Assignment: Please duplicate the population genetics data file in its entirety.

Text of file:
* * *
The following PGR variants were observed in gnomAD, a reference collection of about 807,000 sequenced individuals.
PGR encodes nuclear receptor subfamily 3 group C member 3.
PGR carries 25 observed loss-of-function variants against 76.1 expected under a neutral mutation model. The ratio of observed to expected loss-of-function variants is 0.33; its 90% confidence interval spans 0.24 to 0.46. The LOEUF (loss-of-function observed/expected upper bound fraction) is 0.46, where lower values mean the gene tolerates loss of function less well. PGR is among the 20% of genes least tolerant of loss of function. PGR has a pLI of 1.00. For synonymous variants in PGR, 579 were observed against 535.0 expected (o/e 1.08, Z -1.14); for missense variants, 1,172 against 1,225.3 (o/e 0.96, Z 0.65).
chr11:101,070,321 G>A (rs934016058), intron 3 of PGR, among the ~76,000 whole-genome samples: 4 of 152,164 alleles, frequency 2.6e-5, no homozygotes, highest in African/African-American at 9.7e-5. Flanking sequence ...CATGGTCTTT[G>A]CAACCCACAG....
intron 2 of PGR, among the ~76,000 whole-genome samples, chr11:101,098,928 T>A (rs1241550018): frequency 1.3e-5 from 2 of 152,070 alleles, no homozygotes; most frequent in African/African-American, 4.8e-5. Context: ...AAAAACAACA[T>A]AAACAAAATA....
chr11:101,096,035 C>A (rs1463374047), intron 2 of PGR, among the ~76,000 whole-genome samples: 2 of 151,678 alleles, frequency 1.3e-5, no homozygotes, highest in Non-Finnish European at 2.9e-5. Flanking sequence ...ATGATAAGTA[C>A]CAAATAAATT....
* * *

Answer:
The following PGR variants were observed in gnomAD, a reference collection of about 807,000 sequenced individuals.
PGR encodes nuclear receptor subfamily 3 group C member 3.
PGR carries 25 observed loss-of-function variants against 76.1 expected under a neutral mutation model. The ratio of observed to expected loss-of-function variants is 0.33; its 90% confidence interval spans 0.24 to 0.46. The LOEUF (loss-of-function observed/expected upper bound fraction) is 0.46, where lower values mean the gene tolerates loss of function less well. PGR is among the 20% of genes least tolerant of loss of function. PGR has a pLI of 1.00. For synonymous variants in PGR, 579 were observed against 535.0 expected (o/e 1.08, Z -1.14); for missense variants, 1,172 against 1,225.3 (o/e 0.96, Z 0.65).
chr11:101,070,321 G>A (rs934016058), intron 3 of PGR, among the ~76,000 whole-genome samples: 4 of 152,164 alleles, frequency 2.6e-5, no homozygotes, highest in African/African-American at 9.7e-5. Flanking sequence ...CATGGTCTTT[G>A]CAACCCACAG....
intron 2 of PGR, among the ~76,000 whole-genome samples, chr11:101,098,928 T>A (rs1241550018): frequency 1.3e-5 from 2 of 152,070 alleles, no homozygotes; most frequent in African/African-American, 4.8e-5. Context: ...AAAAACAACA[T>A]AAACAAAATA....
chr11:101,096,035 C>A (rs1463374047), intron 2 of PGR, among the ~76,000 whole-genome samples: 2 of 151,678 alleles, frequency 1.3e-5, no homozygotes, highest in Non-Finnish European at 2.9e-5. Flanking sequence ...ATGATAAGTA[C>A]CAAATAAATT....